EDITORIAL COMMENT: Indigenisation: No one is above the law

EDITORIAL COMMENT: Indigenisation: No one is above the law | The Herald March 29, 2016

Youth, Indigenisation and Economic Empowerment minister Patrick Zhuwao told the nation disturbing news last week. He said Cabinet had endorsed a decision to stop the operations of all companies which had ignored the country’s indigenisation law. We hope that decision will not come to pass. We hold no brief for any of the companies likely to be affected by this Cabinet decision. We are largely looking at two key scenarios: first the implications and ramifications of that Cabinet decision being implemented and what it means for the economy and the workers.

Second, we want to believe the companies so affected have sense enough to weigh their options. They have a wide berth, to comply or to ignore the law.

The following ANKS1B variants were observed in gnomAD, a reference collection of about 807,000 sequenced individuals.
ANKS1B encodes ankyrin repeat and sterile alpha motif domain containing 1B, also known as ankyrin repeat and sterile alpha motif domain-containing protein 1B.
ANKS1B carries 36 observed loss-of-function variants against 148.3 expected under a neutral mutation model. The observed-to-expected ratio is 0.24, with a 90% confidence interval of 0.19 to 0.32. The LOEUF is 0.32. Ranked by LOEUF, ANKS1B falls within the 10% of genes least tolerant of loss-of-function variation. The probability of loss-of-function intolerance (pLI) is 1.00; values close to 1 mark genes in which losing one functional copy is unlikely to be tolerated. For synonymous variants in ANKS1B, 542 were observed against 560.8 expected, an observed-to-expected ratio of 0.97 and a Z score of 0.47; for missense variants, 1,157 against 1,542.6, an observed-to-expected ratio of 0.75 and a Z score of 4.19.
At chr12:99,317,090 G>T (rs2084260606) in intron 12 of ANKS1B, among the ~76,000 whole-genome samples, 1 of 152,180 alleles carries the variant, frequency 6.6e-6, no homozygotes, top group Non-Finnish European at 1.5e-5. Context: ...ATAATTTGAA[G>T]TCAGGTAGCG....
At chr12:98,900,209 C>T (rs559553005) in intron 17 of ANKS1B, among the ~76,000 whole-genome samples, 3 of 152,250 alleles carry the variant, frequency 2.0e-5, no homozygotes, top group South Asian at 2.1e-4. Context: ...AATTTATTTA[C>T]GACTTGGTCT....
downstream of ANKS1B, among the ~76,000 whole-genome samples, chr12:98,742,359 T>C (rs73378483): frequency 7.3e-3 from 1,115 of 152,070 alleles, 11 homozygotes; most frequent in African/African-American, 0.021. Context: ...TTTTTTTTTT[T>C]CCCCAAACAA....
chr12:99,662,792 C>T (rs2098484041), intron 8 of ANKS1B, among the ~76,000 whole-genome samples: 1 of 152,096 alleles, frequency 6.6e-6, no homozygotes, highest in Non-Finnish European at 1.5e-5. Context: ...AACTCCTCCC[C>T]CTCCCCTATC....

Zimbabwe’s economy is in dire straits and Government has been trying to shore it up by promoting local initiatives like growing the informal sector and the Buy Zimbabwe campaign. Government is also trying to foster the consumption of local products to reduce the import bill on non-essential goods to save foreign currency.

There have also been efforts to attract meaningful foreign direct investment by improving the ease of doing business in the country. That explains why Government has remained engaged with the International Monetary Fund. This has also resulted in a number of business executives visiting the country to explore business opportunities. The latest was a South African delegation early this month which culminated in pledges to invest at least $500 million in Zimbabwe this year.

Locally, we believe there are companies which are doing their best to stay afloat under a difficult operating environment. Such efforts need to be commended and buttressed by Government incentives for them to save jobs.

Memories are still fresh and casualties aplenty of thousands of workers who lost their jobs following the Supreme Court ruling of July 17 last year that companies could terminate employment contracts on three months’ notice without giving a justification. Although the figures of people affected are contested, there is no denying the trauma that ruling caused.